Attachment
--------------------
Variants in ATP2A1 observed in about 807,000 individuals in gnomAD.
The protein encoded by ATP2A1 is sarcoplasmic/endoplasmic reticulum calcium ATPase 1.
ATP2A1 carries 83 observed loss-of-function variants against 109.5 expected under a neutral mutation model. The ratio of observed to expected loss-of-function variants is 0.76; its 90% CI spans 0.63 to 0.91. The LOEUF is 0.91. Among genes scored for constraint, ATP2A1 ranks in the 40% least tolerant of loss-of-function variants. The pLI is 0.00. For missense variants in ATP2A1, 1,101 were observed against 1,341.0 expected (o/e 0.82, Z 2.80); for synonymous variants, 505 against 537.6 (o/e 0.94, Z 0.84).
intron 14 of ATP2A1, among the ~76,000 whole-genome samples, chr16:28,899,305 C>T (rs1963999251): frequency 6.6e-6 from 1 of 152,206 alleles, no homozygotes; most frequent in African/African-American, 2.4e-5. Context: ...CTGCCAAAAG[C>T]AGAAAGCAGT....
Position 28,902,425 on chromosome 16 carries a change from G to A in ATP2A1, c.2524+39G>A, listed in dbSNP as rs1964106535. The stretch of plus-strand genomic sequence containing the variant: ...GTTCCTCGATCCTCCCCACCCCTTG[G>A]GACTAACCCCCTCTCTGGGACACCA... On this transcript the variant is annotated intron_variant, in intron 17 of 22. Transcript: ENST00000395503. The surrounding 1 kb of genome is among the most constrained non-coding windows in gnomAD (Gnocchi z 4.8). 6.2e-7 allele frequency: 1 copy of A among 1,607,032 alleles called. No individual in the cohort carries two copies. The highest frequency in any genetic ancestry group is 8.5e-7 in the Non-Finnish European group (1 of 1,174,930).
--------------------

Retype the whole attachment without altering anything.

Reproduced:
Variants in ATP2A1 observed in about 807,000 individuals in gnomAD.
The protein encoded by ATP2A1 is sarcoplasmic/endoplasmic reticulum calcium ATPase 1.
ATP2A1 carries 83 observed loss-of-function variants against 109.5 expected under a neutral mutation model. The ratio of observed to expected loss-of-function variants is 0.76; its 90% CI spans 0.63 to 0.91. The LOEUF is 0.91. Among genes scored for constraint, ATP2A1 ranks in the 40% least tolerant of loss-of-function variants. The pLI is 0.00. For missense variants in ATP2A1, 1,101 were observed against 1,341.0 expected (o/e 0.82, Z 2.80); for synonymous variants, 505 against 537.6 (o/e 0.94, Z 0.84).
intron 14 of ATP2A1, among the ~76,000 whole-genome samples, chr16:28,899,305 C>T (rs1963999251): frequency 6.6e-6 from 1 of 152,206 alleles, no homozygotes; most frequent in African/African-American, 2.4e-5. Context: ...CTGCCAAAAG[C>T]AGAAAGCAGT....
Position 28,902,425 on chromosome 16 carries a change from G to A in ATP2A1, c.2524+39G>A, listed in dbSNP as rs1964106535. The stretch of plus-strand genomic sequence containing the variant: ...GTTCCTCGATCCTCCCCACCCCTTG[G>A]GACTAACCCCCTCTCTGGGACACCA... On this transcript the variant is annotated intron_variant, in intron 17 of 22. Transcript: ENST00000395503. The surrounding 1 kb of genome is among the most constrained non-coding windows in gnomAD (Gnocchi z 4.8). 6.2e-7 allele frequency: 1 copy of A among 1,607,032 alleles called. No individual in the cohort carries two copies. The highest frequency in any genetic ancestry group is 8.5e-7 in the Non-Finnish European group (1 of 1,174,930).